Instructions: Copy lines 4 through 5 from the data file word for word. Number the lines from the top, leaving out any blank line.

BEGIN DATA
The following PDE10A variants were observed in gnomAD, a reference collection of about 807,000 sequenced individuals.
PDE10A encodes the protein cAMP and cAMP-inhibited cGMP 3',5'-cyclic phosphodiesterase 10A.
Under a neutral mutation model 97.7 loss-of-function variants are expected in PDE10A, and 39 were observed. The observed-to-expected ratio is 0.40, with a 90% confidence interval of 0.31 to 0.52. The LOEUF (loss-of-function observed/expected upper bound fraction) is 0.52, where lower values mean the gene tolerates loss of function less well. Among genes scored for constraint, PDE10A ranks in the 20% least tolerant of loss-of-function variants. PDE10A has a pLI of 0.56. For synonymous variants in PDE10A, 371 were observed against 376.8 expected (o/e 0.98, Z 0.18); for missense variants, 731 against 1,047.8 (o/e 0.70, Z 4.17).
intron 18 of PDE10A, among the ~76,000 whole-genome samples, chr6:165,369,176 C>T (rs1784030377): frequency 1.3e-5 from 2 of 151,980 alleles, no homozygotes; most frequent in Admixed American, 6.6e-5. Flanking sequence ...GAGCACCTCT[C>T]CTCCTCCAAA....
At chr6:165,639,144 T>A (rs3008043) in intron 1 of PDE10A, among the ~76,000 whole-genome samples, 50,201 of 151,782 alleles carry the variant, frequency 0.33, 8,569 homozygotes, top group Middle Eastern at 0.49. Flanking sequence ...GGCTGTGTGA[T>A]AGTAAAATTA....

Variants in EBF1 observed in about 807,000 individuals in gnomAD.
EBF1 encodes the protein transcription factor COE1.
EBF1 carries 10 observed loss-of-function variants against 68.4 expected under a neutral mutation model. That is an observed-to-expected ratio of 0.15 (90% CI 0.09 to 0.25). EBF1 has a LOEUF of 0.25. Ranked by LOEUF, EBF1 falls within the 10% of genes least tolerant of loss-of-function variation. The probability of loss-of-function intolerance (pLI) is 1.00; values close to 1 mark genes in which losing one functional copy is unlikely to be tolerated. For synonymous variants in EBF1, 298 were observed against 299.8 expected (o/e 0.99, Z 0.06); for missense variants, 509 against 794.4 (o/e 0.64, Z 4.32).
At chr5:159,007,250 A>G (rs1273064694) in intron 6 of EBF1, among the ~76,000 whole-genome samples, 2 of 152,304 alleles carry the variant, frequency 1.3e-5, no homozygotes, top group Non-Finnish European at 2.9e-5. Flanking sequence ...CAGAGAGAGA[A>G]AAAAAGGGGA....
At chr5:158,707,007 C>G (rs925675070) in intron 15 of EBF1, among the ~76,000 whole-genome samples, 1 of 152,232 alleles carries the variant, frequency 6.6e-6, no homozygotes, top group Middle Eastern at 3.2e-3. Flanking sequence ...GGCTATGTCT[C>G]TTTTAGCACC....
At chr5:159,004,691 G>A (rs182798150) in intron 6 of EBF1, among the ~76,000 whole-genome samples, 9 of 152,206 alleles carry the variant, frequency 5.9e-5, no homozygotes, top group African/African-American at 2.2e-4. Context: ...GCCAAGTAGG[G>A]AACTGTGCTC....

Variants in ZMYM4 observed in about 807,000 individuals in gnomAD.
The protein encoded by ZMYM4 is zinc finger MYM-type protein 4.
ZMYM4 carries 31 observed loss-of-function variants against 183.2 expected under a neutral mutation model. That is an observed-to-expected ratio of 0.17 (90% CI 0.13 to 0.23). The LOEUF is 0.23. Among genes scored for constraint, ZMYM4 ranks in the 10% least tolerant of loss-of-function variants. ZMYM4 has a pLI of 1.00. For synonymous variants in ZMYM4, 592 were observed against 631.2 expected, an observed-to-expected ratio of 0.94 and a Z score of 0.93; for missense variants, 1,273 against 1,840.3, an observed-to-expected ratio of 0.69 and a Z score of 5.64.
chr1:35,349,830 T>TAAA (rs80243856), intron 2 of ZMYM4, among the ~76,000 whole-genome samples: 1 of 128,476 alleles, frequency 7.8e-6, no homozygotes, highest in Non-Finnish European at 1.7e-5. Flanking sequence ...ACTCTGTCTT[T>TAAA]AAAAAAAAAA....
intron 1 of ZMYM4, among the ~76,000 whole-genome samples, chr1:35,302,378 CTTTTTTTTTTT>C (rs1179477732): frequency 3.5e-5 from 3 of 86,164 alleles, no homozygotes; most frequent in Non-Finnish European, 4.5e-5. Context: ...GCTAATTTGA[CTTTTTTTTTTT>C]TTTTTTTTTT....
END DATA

intron 18 of PDE10A, among the ~76,000 whole-genome samples, chr6:165,369,176 C>T (rs1784030377): frequency 1.3e-5 from 2 of 151,980 alleles, no homozygotes; most frequent in Admixed American, 6.6e-5. Flanking sequence ...GAGCACCTCT[C>T]CTCCTCCAAA....
At chr6:165,639,144 T>A (rs3008043) in intron 1 of PDE10A, among the ~76,000 whole-genome samples, 50,201 of 151,782 alleles carry the variant, frequency 0.33, 8,569 homozygotes, top group Middle Eastern at 0.49. Flanking sequence ...GGCTGTGTGA[T>A]AGTAAAATTA....